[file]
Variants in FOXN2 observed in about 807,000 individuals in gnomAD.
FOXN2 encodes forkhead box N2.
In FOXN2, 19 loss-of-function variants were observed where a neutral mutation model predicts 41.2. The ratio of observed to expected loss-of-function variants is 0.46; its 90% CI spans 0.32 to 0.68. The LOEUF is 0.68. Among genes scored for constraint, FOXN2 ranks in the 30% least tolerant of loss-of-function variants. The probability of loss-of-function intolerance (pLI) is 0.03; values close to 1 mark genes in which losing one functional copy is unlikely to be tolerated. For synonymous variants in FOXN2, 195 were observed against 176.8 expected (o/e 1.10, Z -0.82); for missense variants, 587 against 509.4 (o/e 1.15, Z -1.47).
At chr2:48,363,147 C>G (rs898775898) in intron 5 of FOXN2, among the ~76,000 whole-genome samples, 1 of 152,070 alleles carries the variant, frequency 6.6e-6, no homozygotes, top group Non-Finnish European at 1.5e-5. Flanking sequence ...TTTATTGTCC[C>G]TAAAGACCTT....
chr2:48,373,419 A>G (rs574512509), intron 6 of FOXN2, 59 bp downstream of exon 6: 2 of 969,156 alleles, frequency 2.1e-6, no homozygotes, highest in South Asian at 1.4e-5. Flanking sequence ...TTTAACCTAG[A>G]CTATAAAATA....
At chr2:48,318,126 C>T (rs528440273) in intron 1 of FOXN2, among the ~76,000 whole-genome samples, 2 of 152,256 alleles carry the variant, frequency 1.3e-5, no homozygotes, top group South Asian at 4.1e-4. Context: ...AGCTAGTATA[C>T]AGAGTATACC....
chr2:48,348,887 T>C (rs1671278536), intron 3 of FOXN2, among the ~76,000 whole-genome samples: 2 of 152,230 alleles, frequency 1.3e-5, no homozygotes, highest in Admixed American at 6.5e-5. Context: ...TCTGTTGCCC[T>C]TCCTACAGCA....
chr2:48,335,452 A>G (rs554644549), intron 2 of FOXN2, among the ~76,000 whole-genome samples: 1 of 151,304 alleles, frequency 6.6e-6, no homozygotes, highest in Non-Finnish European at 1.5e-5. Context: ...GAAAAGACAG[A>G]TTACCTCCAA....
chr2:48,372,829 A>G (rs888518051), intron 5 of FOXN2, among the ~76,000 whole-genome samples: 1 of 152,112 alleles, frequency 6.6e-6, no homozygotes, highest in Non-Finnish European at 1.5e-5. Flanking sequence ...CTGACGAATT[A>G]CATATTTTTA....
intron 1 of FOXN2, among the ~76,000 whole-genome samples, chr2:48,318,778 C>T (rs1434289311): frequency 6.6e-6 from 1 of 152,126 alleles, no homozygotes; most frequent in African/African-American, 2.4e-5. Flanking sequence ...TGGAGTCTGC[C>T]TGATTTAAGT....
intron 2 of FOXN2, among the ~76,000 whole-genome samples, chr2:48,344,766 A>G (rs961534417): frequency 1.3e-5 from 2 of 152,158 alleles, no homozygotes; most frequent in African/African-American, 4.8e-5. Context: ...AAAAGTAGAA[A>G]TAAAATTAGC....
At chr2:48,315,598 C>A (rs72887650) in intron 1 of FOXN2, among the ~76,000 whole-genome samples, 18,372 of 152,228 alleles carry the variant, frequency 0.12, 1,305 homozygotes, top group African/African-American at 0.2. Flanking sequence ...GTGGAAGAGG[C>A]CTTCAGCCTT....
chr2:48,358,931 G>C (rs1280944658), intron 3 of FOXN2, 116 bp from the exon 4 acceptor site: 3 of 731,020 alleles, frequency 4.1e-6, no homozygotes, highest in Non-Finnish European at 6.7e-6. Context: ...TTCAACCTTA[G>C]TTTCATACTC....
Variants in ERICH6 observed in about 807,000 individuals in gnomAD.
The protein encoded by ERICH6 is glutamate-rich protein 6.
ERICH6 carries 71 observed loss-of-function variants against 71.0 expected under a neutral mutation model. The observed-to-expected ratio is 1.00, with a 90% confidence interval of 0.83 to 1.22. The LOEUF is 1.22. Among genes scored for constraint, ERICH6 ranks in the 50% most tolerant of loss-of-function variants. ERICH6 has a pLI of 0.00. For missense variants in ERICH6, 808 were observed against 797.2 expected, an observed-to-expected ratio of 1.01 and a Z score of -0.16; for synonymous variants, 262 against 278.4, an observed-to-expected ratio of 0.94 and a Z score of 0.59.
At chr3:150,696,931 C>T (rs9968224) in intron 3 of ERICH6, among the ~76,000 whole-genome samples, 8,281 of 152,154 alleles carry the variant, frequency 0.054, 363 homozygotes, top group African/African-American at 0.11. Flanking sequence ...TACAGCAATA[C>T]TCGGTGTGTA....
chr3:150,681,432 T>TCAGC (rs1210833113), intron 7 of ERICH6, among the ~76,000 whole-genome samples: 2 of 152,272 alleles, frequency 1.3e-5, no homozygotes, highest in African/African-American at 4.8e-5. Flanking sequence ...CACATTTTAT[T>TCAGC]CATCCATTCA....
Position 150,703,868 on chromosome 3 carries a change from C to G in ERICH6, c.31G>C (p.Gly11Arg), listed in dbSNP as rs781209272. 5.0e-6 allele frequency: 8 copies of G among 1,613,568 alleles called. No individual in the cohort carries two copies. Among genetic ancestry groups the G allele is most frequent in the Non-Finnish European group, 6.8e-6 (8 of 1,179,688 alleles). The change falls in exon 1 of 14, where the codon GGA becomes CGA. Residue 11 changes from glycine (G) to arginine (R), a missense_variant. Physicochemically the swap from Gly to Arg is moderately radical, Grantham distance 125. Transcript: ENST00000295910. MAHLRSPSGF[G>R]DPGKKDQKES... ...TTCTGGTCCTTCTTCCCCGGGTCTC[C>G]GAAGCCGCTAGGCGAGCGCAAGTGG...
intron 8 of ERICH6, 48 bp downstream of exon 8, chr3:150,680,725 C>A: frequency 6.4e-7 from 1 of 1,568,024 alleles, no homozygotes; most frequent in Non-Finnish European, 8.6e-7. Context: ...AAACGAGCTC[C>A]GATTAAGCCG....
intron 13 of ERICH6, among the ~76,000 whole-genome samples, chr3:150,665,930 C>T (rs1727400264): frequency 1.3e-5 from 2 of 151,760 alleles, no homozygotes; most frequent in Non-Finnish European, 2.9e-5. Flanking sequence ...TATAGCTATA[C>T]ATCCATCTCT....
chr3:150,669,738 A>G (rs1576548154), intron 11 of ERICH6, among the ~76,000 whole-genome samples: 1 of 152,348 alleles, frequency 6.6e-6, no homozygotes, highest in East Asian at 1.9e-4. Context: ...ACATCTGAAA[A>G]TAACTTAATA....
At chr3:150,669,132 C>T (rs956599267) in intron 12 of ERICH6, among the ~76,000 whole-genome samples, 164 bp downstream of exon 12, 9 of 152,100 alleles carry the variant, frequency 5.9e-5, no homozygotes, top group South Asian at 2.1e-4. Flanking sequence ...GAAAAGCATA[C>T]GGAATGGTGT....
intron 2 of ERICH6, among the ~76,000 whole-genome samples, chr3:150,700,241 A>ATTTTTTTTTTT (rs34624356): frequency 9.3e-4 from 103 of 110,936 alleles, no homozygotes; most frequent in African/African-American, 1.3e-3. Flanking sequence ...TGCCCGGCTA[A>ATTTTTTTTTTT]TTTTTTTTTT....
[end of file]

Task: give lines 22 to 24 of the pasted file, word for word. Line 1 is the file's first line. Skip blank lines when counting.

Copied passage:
chr3:150,669,738 A>G (rs1576548154), intron 11 of ERICH6, among the ~76,000 whole-genome samples: 1 of 152,348 alleles, frequency 6.6e-6, no homozygotes, highest in East Asian at 1.9e-4. Context: ...ACATCTGAAA[A>G]TAACTTAATA....
At chr3:150,669,132 C>T (rs956599267) in intron 12 of ERICH6, among the ~76,000 whole-genome samples, 164 bp downstream of exon 12, 9 of 152,100 alleles carry the variant, frequency 5.9e-5, no homozygotes, top group South Asian at 2.1e-4. Flanking sequence ...GAAAAGCATA[C>T]GGAATGGTGT....
intron 2 of ERICH6, among the ~76,000 whole-genome samples, chr3:150,700,241 A>ATTTTTTTTTTT (rs34624356): frequency 9.3e-4 from 103 of 110,936 alleles, no homozygotes; most frequent in African/African-American, 1.3e-3. Flanking sequence ...TGCCCGGCTA[A>ATTTTTTTTTTT]TTTTTTTTTT....